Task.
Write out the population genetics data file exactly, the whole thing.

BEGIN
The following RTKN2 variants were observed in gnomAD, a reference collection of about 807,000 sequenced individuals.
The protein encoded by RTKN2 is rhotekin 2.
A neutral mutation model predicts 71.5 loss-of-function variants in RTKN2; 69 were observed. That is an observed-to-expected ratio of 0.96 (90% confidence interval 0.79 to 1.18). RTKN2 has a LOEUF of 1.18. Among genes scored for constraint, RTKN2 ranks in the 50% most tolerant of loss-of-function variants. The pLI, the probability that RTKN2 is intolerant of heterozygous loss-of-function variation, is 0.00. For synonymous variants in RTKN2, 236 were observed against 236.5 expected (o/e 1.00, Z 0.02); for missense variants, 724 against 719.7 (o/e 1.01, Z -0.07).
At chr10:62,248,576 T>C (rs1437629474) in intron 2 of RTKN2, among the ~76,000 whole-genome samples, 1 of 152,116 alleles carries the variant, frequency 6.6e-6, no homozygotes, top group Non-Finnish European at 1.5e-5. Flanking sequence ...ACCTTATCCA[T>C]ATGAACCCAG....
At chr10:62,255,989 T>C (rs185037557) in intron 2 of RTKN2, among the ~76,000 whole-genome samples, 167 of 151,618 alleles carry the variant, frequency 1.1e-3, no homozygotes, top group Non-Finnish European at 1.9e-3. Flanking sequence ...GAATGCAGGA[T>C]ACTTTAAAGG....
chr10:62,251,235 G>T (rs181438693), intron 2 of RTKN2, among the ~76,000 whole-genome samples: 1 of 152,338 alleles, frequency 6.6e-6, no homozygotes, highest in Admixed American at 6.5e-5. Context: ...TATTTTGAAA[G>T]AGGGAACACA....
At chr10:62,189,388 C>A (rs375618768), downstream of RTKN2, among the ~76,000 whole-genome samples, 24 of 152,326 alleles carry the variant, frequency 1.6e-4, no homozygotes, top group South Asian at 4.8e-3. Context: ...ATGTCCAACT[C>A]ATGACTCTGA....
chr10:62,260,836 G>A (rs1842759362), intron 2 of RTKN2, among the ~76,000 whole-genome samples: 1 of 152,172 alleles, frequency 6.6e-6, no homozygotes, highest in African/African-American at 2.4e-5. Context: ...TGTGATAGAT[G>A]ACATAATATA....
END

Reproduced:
The following RTKN2 variants were observed in gnomAD, a reference collection of about 807,000 sequenced individuals.
The protein encoded by RTKN2 is rhotekin 2.
A neutral mutation model predicts 71.5 loss-of-function variants in RTKN2; 69 were observed. That is an observed-to-expected ratio of 0.96 (90% confidence interval 0.79 to 1.18). RTKN2 has a LOEUF of 1.18. Among genes scored for constraint, RTKN2 ranks in the 50% most tolerant of loss-of-function variants. The pLI, the probability that RTKN2 is intolerant of heterozygous loss-of-function variation, is 0.00. For synonymous variants in RTKN2, 236 were observed against 236.5 expected (o/e 1.00, Z 0.02); for missense variants, 724 against 719.7 (o/e 1.01, Z -0.07).
At chr10:62,248,576 T>C (rs1437629474) in intron 2 of RTKN2, among the ~76,000 whole-genome samples, 1 of 152,116 alleles carries the variant, frequency 6.6e-6, no homozygotes, top group Non-Finnish European at 1.5e-5. Flanking sequence ...ACCTTATCCA[T>C]ATGAACCCAG....
At chr10:62,255,989 T>C (rs185037557) in intron 2 of RTKN2, among the ~76,000 whole-genome samples, 167 of 151,618 alleles carry the variant, frequency 1.1e-3, no homozygotes, top group Non-Finnish European at 1.9e-3. Flanking sequence ...GAATGCAGGA[T>C]ACTTTAAAGG....
chr10:62,251,235 G>T (rs181438693), intron 2 of RTKN2, among the ~76,000 whole-genome samples: 1 of 152,338 alleles, frequency 6.6e-6, no homozygotes, highest in Admixed American at 6.5e-5. Context: ...TATTTTGAAA[G>T]AGGGAACACA....
At chr10:62,189,388 C>A (rs375618768), downstream of RTKN2, among the ~76,000 whole-genome samples, 24 of 152,326 alleles carry the variant, frequency 1.6e-4, no homozygotes, top group South Asian at 4.8e-3. Context: ...ATGTCCAACT[C>A]ATGACTCTGA....
chr10:62,260,836 G>A (rs1842759362), intron 2 of RTKN2, among the ~76,000 whole-genome samples: 1 of 152,172 alleles, frequency 6.6e-6, no homozygotes, highest in African/African-American at 2.4e-5. Context: ...TGTGATAGAT[G>A]ACATAATATA....